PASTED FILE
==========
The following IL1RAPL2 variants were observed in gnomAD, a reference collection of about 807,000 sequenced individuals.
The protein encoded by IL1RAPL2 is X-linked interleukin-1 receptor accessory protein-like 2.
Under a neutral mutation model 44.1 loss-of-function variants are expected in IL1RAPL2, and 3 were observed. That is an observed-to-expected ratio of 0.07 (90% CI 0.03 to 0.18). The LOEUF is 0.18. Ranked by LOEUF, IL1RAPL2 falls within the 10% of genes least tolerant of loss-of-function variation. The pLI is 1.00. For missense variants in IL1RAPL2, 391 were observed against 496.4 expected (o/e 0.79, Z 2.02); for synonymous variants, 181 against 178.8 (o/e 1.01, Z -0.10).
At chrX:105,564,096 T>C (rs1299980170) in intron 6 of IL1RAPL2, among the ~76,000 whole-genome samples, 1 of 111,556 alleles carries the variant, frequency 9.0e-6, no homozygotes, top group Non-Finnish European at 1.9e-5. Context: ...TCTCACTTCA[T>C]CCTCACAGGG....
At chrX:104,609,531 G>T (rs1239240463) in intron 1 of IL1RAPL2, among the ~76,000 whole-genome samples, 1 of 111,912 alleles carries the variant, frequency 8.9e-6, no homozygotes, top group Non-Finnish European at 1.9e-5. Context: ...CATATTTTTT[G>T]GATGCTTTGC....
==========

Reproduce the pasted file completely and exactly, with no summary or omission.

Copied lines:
The following IL1RAPL2 variants were observed in gnomAD, a reference collection of about 807,000 sequenced individuals.
The protein encoded by IL1RAPL2 is X-linked interleukin-1 receptor accessory protein-like 2.
Under a neutral mutation model 44.1 loss-of-function variants are expected in IL1RAPL2, and 3 were observed. That is an observed-to-expected ratio of 0.07 (90% CI 0.03 to 0.18). The LOEUF is 0.18. Ranked by LOEUF, IL1RAPL2 falls within the 10% of genes least tolerant of loss-of-function variation. The pLI is 1.00. For missense variants in IL1RAPL2, 391 were observed against 496.4 expected (o/e 0.79, Z 2.02); for synonymous variants, 181 against 178.8 (o/e 1.01, Z -0.10).
At chrX:105,564,096 T>C (rs1299980170) in intron 6 of IL1RAPL2, among the ~76,000 whole-genome samples, 1 of 111,556 alleles carries the variant, frequency 9.0e-6, no homozygotes, top group Non-Finnish European at 1.9e-5. Context: ...TCTCACTTCA[T>C]CCTCACAGGG....
At chrX:104,609,531 G>T (rs1239240463) in intron 1 of IL1RAPL2, among the ~76,000 whole-genome samples, 1 of 111,912 alleles carries the variant, frequency 8.9e-6, no homozygotes, top group Non-Finnish European at 1.9e-5. Context: ...CATATTTTTT[G>T]GATGCTTTGC....